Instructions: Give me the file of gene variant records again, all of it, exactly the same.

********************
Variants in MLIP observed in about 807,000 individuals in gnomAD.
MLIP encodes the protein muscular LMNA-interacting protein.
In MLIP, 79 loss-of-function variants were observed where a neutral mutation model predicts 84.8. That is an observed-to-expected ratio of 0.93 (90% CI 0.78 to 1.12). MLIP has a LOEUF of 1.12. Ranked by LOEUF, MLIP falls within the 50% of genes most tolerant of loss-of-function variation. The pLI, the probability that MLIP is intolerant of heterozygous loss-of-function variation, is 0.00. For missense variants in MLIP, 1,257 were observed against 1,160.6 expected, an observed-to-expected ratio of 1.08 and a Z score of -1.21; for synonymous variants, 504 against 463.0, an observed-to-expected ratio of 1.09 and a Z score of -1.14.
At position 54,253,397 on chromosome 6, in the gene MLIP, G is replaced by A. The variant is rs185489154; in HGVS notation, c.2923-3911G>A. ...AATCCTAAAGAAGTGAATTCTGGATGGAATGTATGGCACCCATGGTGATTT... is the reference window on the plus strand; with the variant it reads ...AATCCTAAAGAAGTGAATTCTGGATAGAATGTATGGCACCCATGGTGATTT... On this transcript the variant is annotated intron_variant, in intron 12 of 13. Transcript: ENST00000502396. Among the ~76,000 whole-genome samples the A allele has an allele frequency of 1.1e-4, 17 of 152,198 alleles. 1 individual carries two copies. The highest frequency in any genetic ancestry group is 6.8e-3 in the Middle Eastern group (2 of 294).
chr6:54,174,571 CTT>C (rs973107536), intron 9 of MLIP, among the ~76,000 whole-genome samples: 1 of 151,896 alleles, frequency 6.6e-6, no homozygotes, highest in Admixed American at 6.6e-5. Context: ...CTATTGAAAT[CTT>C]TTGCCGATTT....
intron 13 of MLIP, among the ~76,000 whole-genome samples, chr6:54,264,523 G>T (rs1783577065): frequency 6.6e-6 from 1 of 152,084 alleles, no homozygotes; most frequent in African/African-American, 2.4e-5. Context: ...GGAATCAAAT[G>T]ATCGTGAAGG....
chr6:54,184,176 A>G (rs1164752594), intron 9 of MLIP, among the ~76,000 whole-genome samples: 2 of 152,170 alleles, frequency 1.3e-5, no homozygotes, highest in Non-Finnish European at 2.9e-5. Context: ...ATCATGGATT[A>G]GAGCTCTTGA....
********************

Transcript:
Variants in MLIP observed in about 807,000 individuals in gnomAD.
MLIP encodes the protein muscular LMNA-interacting protein.
In MLIP, 79 loss-of-function variants were observed where a neutral mutation model predicts 84.8. That is an observed-to-expected ratio of 0.93 (90% CI 0.78 to 1.12). MLIP has a LOEUF of 1.12. Ranked by LOEUF, MLIP falls within the 50% of genes most tolerant of loss-of-function variation. The pLI, the probability that MLIP is intolerant of heterozygous loss-of-function variation, is 0.00. For missense variants in MLIP, 1,257 were observed against 1,160.6 expected, an observed-to-expected ratio of 1.08 and a Z score of -1.21; for synonymous variants, 504 against 463.0, an observed-to-expected ratio of 1.09 and a Z score of -1.14.
At position 54,253,397 on chromosome 6, in the gene MLIP, G is replaced by A. The variant is rs185489154; in HGVS notation, c.2923-3911G>A. ...AATCCTAAAGAAGTGAATTCTGGATGGAATGTATGGCACCCATGGTGATTT... is the reference window on the plus strand; with the variant it reads ...AATCCTAAAGAAGTGAATTCTGGATAGAATGTATGGCACCCATGGTGATTT... On this transcript the variant is annotated intron_variant, in intron 12 of 13. Transcript: ENST00000502396. Among the ~76,000 whole-genome samples the A allele has an allele frequency of 1.1e-4, 17 of 152,198 alleles. 1 individual carries two copies. The highest frequency in any genetic ancestry group is 6.8e-3 in the Middle Eastern group (2 of 294).
chr6:54,174,571 CTT>C (rs973107536), intron 9 of MLIP, among the ~76,000 whole-genome samples: 1 of 151,896 alleles, frequency 6.6e-6, no homozygotes, highest in Admixed American at 6.6e-5. Context: ...CTATTGAAAT[CTT>C]TTGCCGATTT....
intron 13 of MLIP, among the ~76,000 whole-genome samples, chr6:54,264,523 G>T (rs1783577065): frequency 6.6e-6 from 1 of 152,084 alleles, no homozygotes; most frequent in African/African-American, 2.4e-5. Context: ...GGAATCAAAT[G>T]ATCGTGAAGG....
chr6:54,184,176 A>G (rs1164752594), intron 9 of MLIP, among the ~76,000 whole-genome samples: 2 of 152,170 alleles, frequency 1.3e-5, no homozygotes, highest in Non-Finnish European at 2.9e-5. Context: ...ATCATGGATT[A>G]GAGCTCTTGA....